In this section:

Services for Male Perpetrators of domestic and family violence

Responsible government

  • New South Wales

Fourth Action Plan actions

  • Primary prevention is key
    • 3 Implement targeted primary prevention activities designed by, and tailored for, the specific communities they are intended to support.
  • Support Aboriginal and Torres Strait Islander women and their children
    • 6 Value and engage the expertise of Aboriginal and Torres Strait Islander women and men, communities and organisations to lead in the creation and implementation of community-led solutions to build and manage change.
    • 8 Develop innovative and alternative models for victim and perpetrator support that contribute to safe healing and sustainable behaviour change.

What are we doing?

The NSW Government funds a number of initiatives aimed at male perpetrators of domestic and family violence.

The Men’s Telephone Counselling and Referral Service (MTCRS), which has been delivered in NSW since 2013, is a state-wide specialist service for male perpetrators of domestic and family violence. The MTCRS is available for men to call 24/7. Further, men who have been involved in a domestic violence incident where a charge has been laid or an Apprehended Domestic Violence Order issued or applied for, are automatically referred by NSW Police through the Automatic Referral Pathway (ARP) to the MTCRS.

Through the ARP men are offered over-the-phone counselling with an accredited counsellor, and information about their legal status and responsibilities. Men also receive referral information including how to access relevant and appropriate services to address identified needs, such as local Men’s Behaviour Change Programs (MBCPs).

MBCPs are predominantly group-based programs designed to achieve behavioural and attitudinal change among men who have used domestic and family violence. The principal priority is improving the safety of victim–survivors and their children. MBCPs provide:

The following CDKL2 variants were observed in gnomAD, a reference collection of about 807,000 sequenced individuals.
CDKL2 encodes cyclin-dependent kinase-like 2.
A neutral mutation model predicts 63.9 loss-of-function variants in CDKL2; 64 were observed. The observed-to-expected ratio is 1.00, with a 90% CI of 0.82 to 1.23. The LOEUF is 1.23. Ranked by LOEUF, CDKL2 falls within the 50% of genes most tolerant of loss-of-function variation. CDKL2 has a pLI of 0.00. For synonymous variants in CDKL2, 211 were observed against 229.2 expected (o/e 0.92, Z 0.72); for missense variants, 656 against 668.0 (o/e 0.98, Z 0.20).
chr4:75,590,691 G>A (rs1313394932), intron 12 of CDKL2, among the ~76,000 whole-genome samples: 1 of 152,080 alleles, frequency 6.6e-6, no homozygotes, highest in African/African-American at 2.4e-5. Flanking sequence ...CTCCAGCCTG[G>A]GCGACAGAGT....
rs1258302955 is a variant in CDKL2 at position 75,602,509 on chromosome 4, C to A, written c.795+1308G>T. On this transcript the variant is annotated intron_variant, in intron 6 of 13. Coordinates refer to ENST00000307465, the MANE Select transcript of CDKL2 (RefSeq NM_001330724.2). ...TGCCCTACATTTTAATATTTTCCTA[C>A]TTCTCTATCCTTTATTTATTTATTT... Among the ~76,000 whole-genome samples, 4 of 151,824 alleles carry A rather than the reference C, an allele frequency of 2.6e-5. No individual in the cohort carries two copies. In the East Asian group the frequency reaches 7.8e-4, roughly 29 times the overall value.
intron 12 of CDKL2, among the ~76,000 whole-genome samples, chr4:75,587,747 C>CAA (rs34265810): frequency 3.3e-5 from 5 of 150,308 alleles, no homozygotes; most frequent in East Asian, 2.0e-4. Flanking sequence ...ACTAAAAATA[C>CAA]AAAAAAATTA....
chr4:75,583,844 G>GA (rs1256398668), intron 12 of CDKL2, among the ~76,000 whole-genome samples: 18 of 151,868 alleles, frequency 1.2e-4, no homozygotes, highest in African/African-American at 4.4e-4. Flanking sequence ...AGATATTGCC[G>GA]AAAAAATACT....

• Initial assessment, case planning and interagency work
  • Support from trained facilitators and counsellors
  • Support for victim–survivors through safety assessments and additional wrap-around domestic and family violence supports.

Since July 2015, the NSW Government has invested over $9.1 million to fund MBCPs.

What have we achieved so far?

Community based MBCPs are currently being delivered by 16 accredited NGO providers in NSW, at 42 locations funded by various Commonwealth Government, State Government and non-government funding sources. Of these, NSW Department of Communities and Justice (DCJ) currently funds five providers, which are delivering programs where there is demand across 15 locations.

MBCP sector growth is supported by the delivery of a training and development strategy (by Education Centre Against Violence) funded by DCJ to provide;

  1. a more skilled and professional workforce
  2. and sector coordination and network support (by No to Violence) to provide sector leadership
  3. identify priority areas of work to determine best practice for the sector
  4. support the collection of evidence of the effectiveness of MBCP and
  5. development of specialist programs that meet the needs of priority groups and
  6. support for the sector to respond to the complex needs of victim – survivors and their children.

DCJ also funds the Strong Aboriginal Men project. This project works across a number of NSW communities, identifying and creating community-led solutions to address family violence.

Organisations that deliver MBCPs must be registered with DCJ as compliant with the NSW Practice Standards to receive funding or referrals from New South Wales Government agencies.

What is next?

Selected recommendations from the Review of Automatic Referral Pathway (ARP) program are currently being implemented to improve the program outcomes.

What difference will we make?

The MTCRS and MBCPs offer men the opportunity and space to understand their behaviours, develop awareness of their attitudes and use of violence and take responsibility for improving their relationships.

Participants in all services are supported to recognise that the change process is ongoing, and effort is needed to maintain positive outcomes.

Ultimately, these services aim to reduce reoffending and the escalation of violent behaviour, and keep victim–survivors and their children safe.

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